The Islamic banking industry of Pakistan, with over 13 percent share of the banking landscape in the country, has placed high hopes with the Federal Budget 2017-18 and banking analysts are expecting aggressive measures in the fifth budget of the current government will at least double the size of the industry in the next three years.
As we analyse the Federal Budget 2017-18 speech of the finance minister Ishaq Dar, we find positive steps proposed to provide a level playing field to the Islamic banking sector, including tax neutrality for Islamic banking instruments, such as Musharakah, Ijarah, Murabaha as compared with conventional banking. The budget also proposes the allowance of depreciation on Musharakah and Diminishing Musharakah transactions to Islamic banking clients – an issue that has created concerns among the customers using Islamic modes of finance.
As we take a close view of the budget, few questions arise. Firstly, are these steps enough to fulfil the government’s constitutional responsibility to implement the provision as per Section 38 f, chapter 2 of the 1973 Constitution, which states: “The State shall eliminate Riba as early as possible”?
Secondly, does the budget take the nation near to the dream of our founding father Quaid-e-Azam Muhammad Ali Jinnah who at the opening ceremony of the State Bank of Pakistan (SBP) urged the nation to set up an economic system based on the true Islamic concept of equality of manhood and social justice?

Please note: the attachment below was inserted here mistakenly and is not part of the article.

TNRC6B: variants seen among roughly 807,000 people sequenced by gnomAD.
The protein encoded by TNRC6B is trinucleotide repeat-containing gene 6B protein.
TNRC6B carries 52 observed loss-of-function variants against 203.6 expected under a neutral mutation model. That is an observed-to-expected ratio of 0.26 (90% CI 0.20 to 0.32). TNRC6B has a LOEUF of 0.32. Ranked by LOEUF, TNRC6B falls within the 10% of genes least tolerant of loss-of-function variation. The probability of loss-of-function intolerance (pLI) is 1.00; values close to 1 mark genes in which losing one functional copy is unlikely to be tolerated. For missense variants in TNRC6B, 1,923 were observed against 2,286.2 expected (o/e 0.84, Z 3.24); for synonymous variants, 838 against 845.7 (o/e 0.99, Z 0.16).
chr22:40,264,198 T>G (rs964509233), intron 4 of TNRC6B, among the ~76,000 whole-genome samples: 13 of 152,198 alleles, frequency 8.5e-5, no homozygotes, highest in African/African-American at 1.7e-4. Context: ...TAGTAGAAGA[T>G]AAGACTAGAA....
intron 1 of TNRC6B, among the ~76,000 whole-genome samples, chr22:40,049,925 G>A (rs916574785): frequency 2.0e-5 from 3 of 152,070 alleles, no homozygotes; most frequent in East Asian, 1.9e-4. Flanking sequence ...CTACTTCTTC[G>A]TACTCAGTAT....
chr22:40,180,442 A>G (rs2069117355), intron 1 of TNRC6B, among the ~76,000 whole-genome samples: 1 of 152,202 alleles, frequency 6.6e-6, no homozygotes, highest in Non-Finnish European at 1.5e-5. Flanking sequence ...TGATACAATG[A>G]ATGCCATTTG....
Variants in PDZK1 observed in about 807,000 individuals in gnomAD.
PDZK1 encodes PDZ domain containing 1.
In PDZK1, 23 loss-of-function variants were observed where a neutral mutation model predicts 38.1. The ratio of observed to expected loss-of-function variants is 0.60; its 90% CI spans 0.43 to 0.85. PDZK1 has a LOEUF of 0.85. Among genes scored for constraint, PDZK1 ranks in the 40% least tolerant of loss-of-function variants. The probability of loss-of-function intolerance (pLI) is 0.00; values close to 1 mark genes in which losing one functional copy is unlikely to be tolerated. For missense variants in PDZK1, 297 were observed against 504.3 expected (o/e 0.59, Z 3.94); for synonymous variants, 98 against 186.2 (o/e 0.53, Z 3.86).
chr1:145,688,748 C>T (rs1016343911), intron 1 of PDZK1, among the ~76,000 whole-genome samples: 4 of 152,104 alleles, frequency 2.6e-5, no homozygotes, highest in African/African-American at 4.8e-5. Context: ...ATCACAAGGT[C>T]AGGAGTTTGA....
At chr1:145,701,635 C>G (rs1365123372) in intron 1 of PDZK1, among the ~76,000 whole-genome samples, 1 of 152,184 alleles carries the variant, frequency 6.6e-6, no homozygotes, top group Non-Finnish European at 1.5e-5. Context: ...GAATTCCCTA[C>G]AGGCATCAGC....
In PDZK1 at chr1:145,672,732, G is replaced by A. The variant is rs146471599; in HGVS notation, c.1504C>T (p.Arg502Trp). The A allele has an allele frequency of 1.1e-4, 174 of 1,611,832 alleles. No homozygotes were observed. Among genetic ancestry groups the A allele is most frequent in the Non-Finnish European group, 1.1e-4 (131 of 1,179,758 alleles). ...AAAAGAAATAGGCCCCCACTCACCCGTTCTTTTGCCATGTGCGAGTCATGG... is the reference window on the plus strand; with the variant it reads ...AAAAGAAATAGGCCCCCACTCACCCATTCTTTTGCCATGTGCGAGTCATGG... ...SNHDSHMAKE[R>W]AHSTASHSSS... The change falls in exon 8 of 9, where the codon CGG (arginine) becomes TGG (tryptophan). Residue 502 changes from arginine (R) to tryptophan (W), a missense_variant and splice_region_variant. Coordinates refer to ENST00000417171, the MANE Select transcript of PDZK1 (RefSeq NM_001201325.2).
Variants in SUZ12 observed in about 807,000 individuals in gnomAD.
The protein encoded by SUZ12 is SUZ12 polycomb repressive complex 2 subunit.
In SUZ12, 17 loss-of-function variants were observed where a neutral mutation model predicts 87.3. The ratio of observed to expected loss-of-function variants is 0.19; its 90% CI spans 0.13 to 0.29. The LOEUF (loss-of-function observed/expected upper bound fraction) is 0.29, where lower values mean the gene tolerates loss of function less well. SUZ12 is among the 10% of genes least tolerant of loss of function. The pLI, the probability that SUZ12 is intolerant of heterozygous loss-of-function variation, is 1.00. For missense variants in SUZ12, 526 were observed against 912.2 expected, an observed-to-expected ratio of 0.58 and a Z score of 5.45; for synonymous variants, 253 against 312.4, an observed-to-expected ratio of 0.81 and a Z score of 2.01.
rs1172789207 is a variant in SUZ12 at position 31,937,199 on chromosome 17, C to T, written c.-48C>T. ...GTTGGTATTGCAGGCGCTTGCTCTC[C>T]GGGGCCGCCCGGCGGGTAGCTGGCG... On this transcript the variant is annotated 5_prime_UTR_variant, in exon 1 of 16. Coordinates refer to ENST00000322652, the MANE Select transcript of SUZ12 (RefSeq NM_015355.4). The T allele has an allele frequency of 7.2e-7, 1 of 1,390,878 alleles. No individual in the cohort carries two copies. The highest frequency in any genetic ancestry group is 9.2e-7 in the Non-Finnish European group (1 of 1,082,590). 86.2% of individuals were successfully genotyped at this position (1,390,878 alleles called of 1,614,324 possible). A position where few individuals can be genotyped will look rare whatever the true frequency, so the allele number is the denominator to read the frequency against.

Thirdly, does it also fulfil the government’s own commitment to eliminate Riba from the banking system as mentioned by the finance minister in his keynote address in the World Islamic Finance Forum last year in September and on several occasions in his interactions with bankers and business community?
According to the recent SBP survey through KAP Study, the demand of Islamic banking products and services at the public level is over 90 percent. Now, in order to meet the public demand for an Interest free system, to achieve the government’s own target of taking Islamic banking share to 20 percent by 2020, and meet the constitutional requirement of elimination of Riba, more aggressive measures are desirable.
This article puts forward the specific recommendations for the consideration of the finance minister and members of parliament with a view to establish a Riba-free banking system in the country at the earliest.
• Most importantly the government should resort to Shariah-compliant domestic debt from banking and non-banking channels, instead of interest based loans during the fiscal year 2017-18. Currently over 95 percent of the government’s internal debt are Riba-based and are non-compliant as per the rules of Shariah, including Treasury Bills and Pakistan Investment Bonds. At least 50 percent of all new debt, if not all, should be replaced with Shariah-compliant modes during the year.
• To promote Riba-free banking, it is recommended that the government shall issue directives to all government and public sector entities to place their funds and surplus liquidity only in Shariah-compliant modes and avoid placement of funds on interest. Especially the funds placed by Ministry of Religious Affairs related to Hajj, Zakat and Usher etc must be invested in Riba-free manner.